Ohio’s Kinship Permanency Incentive Program
Legislation has recently been passed in Ohio to establish a Kinship Permanency Incentive Program (KPI). Once implemented, in January 2006, KPI will provide financial support for minor children in the legal and physical custody of grandparents, relatives, or other “kinship caregivers” (defined in Ohio as any relative or non-relative adult who has a longstanding relationship or bond with the child and/or family).
Eligibility requirements for Ohio’s Kinship Permanency Incentive Program include:
- Child must be adjudicated by the juvenile court as being abused, neglected, dependent, or unruly and must also be considered “special needs.”
- Court has determined that award of legal custody or guardianship of the child to a grandparent, relative or other kinship caregiver is in the best interest of the child.
- Caregiver must have completed the Relative or Non-Relative Substitute Placement Approval Process, inclusive of a criminal background check.
- The gross income of the caregiver’s family, including the child, may not exceed 200% of the federal poverty guidelines.
Other Program Specifics:
- Eligible families will receive an initial payment of $1,000 per child, followed by $500 per child every six months thereafter for a total of no more than 36 months. There is a $3,500 maximum for each child.
- Families receiving KPI will be eligible to receive TANF child only grants in addition to the KPI payments.
- KPI cases will be re-determined on an annual basis, which will mainly entail ensuring that the child is still in the home, the caregiver still has custody, and the family income has note exceeded 200% of the federal poverty guidelines.
- Funding will come from Ohio’s TANF funds in the amount of $10 million per year.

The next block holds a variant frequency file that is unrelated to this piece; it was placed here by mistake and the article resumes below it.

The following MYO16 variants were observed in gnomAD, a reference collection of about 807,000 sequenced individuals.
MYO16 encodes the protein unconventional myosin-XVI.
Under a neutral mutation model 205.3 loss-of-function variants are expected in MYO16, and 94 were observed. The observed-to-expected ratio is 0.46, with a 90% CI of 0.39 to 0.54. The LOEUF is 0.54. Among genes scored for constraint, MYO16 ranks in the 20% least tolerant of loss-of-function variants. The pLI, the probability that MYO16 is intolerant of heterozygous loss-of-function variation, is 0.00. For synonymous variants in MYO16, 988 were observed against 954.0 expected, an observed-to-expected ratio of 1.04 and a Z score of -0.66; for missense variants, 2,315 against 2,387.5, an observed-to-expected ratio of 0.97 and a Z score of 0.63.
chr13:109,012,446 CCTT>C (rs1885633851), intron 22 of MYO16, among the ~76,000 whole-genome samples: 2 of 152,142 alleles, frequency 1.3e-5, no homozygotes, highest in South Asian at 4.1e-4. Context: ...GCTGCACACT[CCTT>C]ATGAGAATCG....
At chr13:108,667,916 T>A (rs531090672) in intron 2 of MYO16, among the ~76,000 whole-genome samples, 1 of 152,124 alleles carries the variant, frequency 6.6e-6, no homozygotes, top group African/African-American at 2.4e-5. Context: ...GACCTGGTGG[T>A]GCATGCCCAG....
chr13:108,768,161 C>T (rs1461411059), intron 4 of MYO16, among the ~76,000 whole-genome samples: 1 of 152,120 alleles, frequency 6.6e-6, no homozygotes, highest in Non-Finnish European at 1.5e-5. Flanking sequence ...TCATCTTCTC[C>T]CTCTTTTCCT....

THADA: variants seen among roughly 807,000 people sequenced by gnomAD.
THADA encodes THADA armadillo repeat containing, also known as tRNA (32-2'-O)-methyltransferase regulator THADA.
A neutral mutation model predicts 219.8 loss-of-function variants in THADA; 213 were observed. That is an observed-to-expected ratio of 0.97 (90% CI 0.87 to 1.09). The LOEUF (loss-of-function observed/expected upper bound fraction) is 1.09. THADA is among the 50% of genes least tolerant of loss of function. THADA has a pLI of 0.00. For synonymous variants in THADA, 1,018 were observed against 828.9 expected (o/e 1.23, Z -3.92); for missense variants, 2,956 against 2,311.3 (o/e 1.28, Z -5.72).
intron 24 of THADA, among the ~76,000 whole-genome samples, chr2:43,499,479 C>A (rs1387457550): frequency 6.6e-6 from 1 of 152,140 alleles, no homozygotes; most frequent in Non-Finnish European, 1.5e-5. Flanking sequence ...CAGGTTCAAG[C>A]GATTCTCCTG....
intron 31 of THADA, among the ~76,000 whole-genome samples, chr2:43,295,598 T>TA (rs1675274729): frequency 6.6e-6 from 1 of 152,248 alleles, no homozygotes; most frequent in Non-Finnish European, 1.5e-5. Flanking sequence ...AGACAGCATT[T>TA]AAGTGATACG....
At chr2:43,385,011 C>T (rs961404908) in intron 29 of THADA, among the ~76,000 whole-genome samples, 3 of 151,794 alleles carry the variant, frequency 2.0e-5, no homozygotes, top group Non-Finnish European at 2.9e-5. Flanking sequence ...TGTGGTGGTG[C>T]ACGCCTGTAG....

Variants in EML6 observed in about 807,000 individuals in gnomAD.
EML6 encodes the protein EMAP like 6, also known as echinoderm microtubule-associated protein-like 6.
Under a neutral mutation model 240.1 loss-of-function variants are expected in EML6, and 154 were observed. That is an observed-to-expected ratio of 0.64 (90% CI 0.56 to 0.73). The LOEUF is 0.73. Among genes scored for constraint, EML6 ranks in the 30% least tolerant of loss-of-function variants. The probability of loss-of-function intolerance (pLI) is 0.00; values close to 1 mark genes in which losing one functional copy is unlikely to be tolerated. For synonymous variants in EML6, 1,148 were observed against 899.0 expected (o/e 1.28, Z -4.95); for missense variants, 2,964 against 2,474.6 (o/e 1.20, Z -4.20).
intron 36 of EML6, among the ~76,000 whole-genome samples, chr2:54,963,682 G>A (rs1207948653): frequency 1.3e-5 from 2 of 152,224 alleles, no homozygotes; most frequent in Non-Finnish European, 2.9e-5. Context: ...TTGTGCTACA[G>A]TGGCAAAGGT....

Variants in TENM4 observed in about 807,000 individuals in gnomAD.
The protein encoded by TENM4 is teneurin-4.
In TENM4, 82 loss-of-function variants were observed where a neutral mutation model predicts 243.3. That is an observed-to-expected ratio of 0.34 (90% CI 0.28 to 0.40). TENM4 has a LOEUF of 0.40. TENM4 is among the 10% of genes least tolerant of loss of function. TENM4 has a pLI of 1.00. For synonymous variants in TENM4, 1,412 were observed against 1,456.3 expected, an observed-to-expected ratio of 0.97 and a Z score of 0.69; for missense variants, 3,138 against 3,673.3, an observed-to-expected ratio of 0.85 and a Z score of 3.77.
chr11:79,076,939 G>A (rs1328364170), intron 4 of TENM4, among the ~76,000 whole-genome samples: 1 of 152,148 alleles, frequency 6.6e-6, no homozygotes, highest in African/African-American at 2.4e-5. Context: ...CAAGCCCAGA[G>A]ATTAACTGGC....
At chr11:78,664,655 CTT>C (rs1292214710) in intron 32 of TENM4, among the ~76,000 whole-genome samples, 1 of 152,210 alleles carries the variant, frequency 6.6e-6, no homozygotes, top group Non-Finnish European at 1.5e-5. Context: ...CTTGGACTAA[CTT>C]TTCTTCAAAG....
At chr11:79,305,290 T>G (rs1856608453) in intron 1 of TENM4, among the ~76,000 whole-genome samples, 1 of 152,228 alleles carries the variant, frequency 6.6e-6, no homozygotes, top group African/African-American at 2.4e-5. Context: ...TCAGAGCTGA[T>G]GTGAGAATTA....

- Outcome reports measuring stability and permanency for the children enrolled in KPI, as well as Fiscal reports measuring cost savings must be submitted to the Governor, House of Representatives, and Senate at two-years and again at four-years following the implementation of KPI.
For updates on the status of Ohio’s Kinship Permanency Incentive Program or for more information affecting grandfamilies in Ohio, you can contact the Public Children Services Association of Ohio at (614) 224-5802 or firstname.lastname@example.org or go to www.pcsao.org.
The Kinship Permanency Incentive Program is an important first step to help provide families with the resources they need to care for their relative children and keep them out of foster care. KPI, however, is funded by state dollars and is not guaranteed to be available long-term to caregiver families in years to come, especially in times of state budget shortfalls. Allowing federal Title IV-E foster care funding to be used for subsidized guardianship programs would help ensure long-term stability of supportive resources for caregiver families and could free up some state funds to be used to serve additional children in need of support.
For more information about pending legislation affecting subsidized guardianships or about grandparents and other relatives raising children in general, visit Generations United’s website at www.gu.org.
This document was sponsored by a grant from The Pew Charitable Trusts. The opinions expressed in this document are those of the authors and do not necessarily reflect the views of The Pew Charitable Trusts.
Reprinted with the permission of Generations United. © 2008 Generations United.